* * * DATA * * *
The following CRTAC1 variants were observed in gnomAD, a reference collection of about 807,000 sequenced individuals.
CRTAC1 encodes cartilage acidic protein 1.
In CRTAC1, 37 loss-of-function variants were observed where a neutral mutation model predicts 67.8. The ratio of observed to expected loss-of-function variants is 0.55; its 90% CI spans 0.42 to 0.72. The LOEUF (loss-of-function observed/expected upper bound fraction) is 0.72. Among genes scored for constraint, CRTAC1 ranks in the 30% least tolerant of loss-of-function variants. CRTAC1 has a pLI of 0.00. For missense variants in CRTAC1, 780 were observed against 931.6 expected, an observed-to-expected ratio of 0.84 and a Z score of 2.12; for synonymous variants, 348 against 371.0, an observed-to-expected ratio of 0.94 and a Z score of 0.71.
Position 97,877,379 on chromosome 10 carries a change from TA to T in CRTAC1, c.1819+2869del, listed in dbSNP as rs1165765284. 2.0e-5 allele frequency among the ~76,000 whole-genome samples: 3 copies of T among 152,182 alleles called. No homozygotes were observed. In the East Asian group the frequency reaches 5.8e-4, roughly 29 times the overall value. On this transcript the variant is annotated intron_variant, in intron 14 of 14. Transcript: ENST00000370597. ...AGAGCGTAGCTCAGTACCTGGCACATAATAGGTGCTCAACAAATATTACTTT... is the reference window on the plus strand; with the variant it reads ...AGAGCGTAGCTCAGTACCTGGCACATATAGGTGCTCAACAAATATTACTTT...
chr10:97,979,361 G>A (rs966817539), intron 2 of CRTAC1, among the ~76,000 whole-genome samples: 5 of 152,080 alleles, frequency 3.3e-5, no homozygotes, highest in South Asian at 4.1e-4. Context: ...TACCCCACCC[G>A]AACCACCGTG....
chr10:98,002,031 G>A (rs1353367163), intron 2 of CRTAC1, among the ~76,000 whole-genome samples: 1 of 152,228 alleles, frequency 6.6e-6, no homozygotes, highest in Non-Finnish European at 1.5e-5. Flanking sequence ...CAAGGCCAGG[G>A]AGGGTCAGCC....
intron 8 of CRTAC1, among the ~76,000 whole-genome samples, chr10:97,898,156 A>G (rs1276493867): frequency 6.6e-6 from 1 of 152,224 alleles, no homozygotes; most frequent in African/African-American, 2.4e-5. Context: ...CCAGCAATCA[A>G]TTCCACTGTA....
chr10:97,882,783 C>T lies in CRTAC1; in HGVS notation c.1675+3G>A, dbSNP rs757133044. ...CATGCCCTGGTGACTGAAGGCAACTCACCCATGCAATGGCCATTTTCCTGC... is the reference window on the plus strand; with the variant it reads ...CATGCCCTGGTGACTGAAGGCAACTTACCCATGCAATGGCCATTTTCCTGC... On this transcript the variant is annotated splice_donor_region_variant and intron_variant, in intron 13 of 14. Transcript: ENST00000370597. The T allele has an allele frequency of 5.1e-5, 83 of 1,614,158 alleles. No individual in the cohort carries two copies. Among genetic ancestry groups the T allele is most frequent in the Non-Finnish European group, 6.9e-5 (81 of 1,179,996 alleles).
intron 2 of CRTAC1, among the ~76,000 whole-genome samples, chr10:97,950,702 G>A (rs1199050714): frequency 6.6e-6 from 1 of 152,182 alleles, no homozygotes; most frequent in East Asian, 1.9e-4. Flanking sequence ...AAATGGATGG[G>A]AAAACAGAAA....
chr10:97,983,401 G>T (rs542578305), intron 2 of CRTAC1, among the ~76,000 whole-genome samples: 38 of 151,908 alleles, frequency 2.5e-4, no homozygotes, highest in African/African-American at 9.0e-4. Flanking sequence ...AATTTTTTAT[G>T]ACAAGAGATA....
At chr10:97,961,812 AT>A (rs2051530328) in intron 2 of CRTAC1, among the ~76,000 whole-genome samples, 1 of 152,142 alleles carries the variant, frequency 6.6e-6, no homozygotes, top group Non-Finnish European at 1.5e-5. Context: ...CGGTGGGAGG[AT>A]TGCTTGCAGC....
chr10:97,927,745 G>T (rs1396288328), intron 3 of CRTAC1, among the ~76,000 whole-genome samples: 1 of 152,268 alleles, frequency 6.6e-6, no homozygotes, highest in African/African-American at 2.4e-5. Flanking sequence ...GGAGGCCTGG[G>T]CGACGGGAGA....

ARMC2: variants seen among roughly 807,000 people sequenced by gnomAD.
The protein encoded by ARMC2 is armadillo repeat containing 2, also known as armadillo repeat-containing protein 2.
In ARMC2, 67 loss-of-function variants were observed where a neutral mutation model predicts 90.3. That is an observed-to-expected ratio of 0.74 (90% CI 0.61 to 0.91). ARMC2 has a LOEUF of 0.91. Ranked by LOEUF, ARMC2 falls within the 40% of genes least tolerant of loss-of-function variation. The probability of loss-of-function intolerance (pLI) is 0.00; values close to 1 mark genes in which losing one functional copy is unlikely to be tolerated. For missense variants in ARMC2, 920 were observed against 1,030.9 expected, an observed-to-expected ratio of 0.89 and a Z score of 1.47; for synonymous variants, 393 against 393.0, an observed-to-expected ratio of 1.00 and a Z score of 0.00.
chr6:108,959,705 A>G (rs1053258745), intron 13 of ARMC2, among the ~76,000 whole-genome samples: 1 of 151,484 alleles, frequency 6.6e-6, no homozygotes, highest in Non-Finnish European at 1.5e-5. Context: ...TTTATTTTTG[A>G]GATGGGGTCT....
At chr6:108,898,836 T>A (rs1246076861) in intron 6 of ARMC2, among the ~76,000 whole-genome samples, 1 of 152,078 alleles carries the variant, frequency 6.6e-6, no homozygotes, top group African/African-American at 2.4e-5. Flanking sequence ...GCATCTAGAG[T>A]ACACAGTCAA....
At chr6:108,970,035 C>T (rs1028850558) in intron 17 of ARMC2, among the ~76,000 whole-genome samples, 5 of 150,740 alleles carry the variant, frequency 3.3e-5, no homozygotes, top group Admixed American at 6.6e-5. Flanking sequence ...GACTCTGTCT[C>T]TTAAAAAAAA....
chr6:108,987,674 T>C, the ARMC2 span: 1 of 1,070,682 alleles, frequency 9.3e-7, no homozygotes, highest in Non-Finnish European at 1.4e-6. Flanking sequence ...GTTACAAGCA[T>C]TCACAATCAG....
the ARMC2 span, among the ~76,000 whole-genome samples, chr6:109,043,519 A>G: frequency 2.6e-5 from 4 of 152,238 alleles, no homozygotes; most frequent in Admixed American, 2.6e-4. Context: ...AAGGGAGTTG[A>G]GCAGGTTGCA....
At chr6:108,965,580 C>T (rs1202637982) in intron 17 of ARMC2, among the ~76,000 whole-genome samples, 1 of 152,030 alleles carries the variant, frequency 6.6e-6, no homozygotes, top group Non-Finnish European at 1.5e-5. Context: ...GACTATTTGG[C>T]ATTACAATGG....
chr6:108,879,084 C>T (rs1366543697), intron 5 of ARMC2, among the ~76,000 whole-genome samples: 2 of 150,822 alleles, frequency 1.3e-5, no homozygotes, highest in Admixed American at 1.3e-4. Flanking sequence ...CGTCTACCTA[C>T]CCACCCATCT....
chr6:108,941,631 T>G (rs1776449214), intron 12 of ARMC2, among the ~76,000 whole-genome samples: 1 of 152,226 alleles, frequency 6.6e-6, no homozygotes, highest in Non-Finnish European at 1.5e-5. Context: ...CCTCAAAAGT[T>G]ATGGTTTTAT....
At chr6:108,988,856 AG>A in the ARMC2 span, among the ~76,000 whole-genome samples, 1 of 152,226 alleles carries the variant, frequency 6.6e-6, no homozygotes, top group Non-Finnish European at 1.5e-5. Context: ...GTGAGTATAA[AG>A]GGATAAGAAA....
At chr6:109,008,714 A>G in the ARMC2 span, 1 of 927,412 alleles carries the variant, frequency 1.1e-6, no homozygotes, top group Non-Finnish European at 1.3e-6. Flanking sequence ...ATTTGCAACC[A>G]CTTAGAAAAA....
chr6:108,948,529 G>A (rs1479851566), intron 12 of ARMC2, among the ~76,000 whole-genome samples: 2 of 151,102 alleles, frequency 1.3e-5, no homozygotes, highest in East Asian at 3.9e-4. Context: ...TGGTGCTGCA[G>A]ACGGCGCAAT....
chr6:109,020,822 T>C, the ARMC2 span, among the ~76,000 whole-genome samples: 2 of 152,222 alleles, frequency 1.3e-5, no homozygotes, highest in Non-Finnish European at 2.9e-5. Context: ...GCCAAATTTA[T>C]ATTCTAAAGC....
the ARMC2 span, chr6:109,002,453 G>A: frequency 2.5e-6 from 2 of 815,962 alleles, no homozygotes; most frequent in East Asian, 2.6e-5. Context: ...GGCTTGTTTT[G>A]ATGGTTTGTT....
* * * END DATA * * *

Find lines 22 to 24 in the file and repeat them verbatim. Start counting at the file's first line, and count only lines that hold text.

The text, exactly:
chr6:108,879,084 C>T (rs1366543697), intron 5 of ARMC2, among the ~76,000 whole-genome samples: 2 of 150,822 alleles, frequency 1.3e-5, no homozygotes, highest in Admixed American at 1.3e-4. Flanking sequence ...CGTCTACCTA[C>T]CCACCCATCT....
chr6:108,941,631 T>G (rs1776449214), intron 12 of ARMC2, among the ~76,000 whole-genome samples: 1 of 152,226 alleles, frequency 6.6e-6, no homozygotes, highest in Non-Finnish European at 1.5e-5. Context: ...CCTCAAAAGT[T>G]ATGGTTTTAT....
At chr6:108,988,856 AG>A in the ARMC2 span, among the ~76,000 whole-genome samples, 1 of 152,226 alleles carries the variant, frequency 6.6e-6, no homozygotes, top group Non-Finnish European at 1.5e-5. Context: ...GTGAGTATAA[AG>A]GGATAAGAAA....